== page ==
I Am Living Proof Of The American Dream: With Roosevelt Purification

“I always felt that the US is one of those countries that can accomplish anything.

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“I always felt that the US is one of those countries that can accomplish anything. The environment, the people, and the culture are open to new possibilities, and everyone works very hard to hold on to the values that set the US apart from rest of the world.”

I had the pleasure of interviewing Roosevelt Purification; the CEO & Founder of Roosevelt Games, LLC and the author of 5 Pillars of Success. He immigrated to the United States with his parents when he was 12 years old. He is also a Software Engineer, and during his career, he has worked with organizations like NASA, the Department of Education, The Agora and many others.

Thank you so much for doing this with us! Can you tell us the story of how you grew up?

I was born in Dhaka, Bangladesh and I came to the US when I was 12 years old with my parents on a Diversity Visa. When I was in Bangladesh, my parents had corporate jobs, and we lived a good life there. However, my parents felt that my sister and I would have a brighter future in the United States. After moving to the United States, it was tough for us to get acquainted with the new environment, culture, language, my parents struggled to get a decent job, and similarly, my sister and I experienced our share of difficulties.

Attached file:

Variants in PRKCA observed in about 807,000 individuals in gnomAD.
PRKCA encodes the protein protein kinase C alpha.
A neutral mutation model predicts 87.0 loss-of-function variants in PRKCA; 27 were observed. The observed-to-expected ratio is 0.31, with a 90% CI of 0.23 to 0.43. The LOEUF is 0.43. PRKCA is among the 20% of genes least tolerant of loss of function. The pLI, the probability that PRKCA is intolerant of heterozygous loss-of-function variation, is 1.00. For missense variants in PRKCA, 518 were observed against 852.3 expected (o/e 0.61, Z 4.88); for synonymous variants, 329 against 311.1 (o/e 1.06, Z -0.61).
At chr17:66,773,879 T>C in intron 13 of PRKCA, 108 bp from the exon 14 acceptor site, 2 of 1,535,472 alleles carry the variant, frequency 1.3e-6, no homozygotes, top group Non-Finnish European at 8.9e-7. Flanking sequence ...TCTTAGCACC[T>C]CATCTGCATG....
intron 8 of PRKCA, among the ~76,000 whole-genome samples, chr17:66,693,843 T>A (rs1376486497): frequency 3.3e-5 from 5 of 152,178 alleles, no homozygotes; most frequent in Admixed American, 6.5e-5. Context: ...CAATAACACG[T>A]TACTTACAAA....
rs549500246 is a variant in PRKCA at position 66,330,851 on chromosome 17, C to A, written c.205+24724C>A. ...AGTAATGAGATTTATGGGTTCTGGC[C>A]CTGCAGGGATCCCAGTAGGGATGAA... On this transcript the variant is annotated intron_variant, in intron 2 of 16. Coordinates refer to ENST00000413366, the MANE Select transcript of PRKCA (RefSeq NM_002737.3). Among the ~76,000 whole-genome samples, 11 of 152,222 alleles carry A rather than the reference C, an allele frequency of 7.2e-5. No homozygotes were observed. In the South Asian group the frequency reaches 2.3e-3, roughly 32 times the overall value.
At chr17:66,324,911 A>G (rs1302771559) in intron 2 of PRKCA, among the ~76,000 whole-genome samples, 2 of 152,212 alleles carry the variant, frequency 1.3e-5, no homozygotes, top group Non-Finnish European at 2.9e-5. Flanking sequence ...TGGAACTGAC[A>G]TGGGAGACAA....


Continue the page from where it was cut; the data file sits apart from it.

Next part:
First few years were difficult since English wasn’t our first language and we weren’t fully aware of the American culture or our benefits. As a result, it took us some time to get used to everything, make friends and position ourselves to make the most out of the opportunity the United States offered us. I feel fortunate though. Despite all the challenges and unpleasant experiences growing up, I was surrounded by good people who cared about me and genuinely wanted the best for me. People like my past teachers, my family, my close friends and the resources that were available to me allowed me to have the courage to pursue the things I have today.

Was there a particular trigger point that made you emigrate to the US? Can you tell a story?

Since I was very young, I wasn’t fully aware of the real world and didn’t have any particular reason to come to the US. However, I am not sure if it’s a coincidence or my burning desire, but growing up I loved watching WWE’s wrestling shows. Back then, the company just launched a program called ‘Tough Enough.’ It’s a competition where athletes compete with each other to prove to the WWE that they are worthy to become a WWE superstar/wrestler. I was 10 or 11 years old and had no idea about immigration or how difficult it is for some people even to visit the United States. However, a miracle happened, and about six months later, my parents told my sister and me that we won the Diversity Visa lottery and we will be going to the US embassy for an interview. To this day, I still question myself, whether it was just a coincidence or my desire to become a WWE superstar jumpstarted my future in the US.

Can you tell us the story of how you came to the USA? What was that experience like?